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having a little architectural trouble here.

In C++, we have the notion of 'friends,' where such friend classes can access private members.

So, I'm deving a Java app and trying to adhere to the MVC architecture. I've got a controller class that manages graph connectivity between 'map_objects.' I'd like to hide the function in the DTO 'map_objects' that actuall sets up these connectivities, by using this controller class.

(Ie, even if the controller class implements the required functionality of setting up connectivities, the 'users' can still access setter/getter functions in the the DTO directly to set them up themselves.)

Are there any design patterns or tips in this regard? (Or have I totally mucked up?)

DUPLICATE http://stackoverflow.com/questions/182278/is-there-a-way-to-simulate-the-c-friend-concept-in-java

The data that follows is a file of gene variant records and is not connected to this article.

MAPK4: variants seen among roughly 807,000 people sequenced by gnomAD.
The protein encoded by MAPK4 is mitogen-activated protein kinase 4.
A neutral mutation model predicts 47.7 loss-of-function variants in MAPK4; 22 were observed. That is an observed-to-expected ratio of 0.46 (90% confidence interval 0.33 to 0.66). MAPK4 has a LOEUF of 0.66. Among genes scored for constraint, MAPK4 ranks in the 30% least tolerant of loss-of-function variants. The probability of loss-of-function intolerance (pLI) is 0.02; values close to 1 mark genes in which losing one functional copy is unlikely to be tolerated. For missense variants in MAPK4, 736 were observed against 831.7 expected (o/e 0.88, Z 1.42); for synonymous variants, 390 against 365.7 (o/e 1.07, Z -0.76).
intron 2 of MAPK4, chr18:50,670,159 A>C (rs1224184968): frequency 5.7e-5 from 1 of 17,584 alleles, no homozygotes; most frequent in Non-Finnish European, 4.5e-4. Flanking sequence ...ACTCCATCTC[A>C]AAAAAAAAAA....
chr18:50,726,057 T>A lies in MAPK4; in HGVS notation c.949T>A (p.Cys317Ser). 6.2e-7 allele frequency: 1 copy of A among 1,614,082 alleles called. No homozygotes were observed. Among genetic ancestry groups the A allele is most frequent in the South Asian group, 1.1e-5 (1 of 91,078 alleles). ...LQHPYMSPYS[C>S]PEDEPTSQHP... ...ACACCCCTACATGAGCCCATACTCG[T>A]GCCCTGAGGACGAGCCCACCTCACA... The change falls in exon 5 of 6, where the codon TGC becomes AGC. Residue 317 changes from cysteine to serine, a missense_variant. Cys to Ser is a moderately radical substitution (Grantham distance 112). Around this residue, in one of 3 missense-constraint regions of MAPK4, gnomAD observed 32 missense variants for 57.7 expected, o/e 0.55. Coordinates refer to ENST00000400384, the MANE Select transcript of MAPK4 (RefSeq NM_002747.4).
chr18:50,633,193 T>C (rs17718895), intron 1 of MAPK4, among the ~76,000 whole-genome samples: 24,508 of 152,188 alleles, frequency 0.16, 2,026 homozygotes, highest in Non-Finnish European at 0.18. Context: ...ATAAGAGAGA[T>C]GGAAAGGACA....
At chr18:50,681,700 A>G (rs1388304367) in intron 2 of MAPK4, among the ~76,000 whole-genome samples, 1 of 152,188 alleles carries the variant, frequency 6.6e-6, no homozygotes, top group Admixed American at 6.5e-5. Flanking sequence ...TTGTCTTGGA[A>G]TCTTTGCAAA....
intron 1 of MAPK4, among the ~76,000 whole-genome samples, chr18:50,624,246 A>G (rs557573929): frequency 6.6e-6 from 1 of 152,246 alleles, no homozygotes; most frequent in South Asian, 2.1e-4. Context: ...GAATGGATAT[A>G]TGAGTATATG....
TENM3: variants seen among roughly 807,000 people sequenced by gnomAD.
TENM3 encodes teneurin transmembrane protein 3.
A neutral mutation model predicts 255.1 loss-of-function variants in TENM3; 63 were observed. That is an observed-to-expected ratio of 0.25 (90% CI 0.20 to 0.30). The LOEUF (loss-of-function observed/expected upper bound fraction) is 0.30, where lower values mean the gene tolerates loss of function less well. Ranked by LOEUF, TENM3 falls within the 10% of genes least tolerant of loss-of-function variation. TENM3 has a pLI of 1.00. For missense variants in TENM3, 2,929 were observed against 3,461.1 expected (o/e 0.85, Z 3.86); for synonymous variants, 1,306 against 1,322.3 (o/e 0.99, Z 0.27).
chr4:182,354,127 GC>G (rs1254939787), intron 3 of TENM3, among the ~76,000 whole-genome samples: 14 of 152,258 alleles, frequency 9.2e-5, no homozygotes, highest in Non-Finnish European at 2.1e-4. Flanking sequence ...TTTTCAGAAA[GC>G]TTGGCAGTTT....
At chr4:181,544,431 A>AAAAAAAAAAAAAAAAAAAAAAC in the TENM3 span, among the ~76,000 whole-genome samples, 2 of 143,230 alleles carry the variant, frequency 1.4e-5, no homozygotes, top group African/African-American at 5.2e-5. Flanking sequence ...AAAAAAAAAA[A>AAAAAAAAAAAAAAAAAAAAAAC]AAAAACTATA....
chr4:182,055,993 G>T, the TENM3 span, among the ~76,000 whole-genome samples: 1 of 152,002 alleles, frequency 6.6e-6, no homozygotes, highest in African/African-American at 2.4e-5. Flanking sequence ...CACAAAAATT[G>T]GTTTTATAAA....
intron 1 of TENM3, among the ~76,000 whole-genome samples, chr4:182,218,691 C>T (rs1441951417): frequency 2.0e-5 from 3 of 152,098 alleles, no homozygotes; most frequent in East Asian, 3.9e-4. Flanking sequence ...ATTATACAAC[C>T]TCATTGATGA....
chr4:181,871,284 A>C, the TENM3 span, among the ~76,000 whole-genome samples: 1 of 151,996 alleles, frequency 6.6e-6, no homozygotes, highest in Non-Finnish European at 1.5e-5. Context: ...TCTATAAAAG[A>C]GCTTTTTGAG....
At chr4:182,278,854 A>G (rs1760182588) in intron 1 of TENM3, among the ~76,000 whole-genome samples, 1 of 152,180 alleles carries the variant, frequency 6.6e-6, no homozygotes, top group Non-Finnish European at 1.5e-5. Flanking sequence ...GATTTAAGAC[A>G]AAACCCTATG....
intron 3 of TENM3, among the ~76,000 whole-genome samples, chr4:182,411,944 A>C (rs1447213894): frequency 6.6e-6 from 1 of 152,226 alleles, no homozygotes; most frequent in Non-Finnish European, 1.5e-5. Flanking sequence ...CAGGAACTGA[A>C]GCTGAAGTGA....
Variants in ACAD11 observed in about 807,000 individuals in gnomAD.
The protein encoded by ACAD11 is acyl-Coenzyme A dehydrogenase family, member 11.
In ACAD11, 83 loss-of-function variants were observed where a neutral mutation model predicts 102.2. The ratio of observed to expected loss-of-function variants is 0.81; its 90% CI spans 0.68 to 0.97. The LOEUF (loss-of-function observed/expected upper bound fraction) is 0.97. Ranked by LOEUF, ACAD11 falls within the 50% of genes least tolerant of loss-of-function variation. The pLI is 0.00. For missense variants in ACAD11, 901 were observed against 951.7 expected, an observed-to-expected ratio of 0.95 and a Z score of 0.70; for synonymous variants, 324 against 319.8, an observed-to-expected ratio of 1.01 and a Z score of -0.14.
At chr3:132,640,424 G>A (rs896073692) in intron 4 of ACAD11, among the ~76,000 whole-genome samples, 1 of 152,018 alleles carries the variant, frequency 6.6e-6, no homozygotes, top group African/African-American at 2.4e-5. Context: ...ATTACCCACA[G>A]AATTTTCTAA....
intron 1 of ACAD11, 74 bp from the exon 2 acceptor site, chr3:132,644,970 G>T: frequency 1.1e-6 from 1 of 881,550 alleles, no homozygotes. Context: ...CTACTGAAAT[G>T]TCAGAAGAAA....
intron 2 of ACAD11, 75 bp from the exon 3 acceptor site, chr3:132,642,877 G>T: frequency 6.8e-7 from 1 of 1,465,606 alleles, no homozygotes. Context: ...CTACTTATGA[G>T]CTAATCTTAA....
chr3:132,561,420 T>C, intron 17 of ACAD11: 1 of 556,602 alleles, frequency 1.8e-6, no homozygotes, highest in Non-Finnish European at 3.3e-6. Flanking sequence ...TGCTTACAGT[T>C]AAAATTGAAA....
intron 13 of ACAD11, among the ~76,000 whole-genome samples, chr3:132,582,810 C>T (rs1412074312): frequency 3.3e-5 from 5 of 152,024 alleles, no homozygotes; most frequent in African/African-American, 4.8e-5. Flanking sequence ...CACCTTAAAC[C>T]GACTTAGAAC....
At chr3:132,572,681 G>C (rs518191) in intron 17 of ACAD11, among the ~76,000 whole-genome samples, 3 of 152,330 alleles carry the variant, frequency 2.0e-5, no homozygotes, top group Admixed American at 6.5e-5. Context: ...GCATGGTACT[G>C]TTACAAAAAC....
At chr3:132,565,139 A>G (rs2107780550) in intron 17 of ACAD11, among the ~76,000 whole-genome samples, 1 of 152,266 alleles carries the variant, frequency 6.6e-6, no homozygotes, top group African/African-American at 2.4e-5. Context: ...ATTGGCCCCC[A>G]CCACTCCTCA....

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marked as duplicate by warren Dec 18 '08 at 0:04

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2 Answers

up vote 14 down vote accepted

(Un)fortunately, there is no direct C++ friend equivalent in Java. However, the Java access level modifiers can assist you. In particular, private or package private (AKA package protected, or "default") may help.

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You might want to use interface segregation - that is, let the class implement different interfaces, and only pass out references to the appropriate (smaller) interfaces to the different clients.

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link is dead, please fix –  Boy Nov 19 '12 at 14:08
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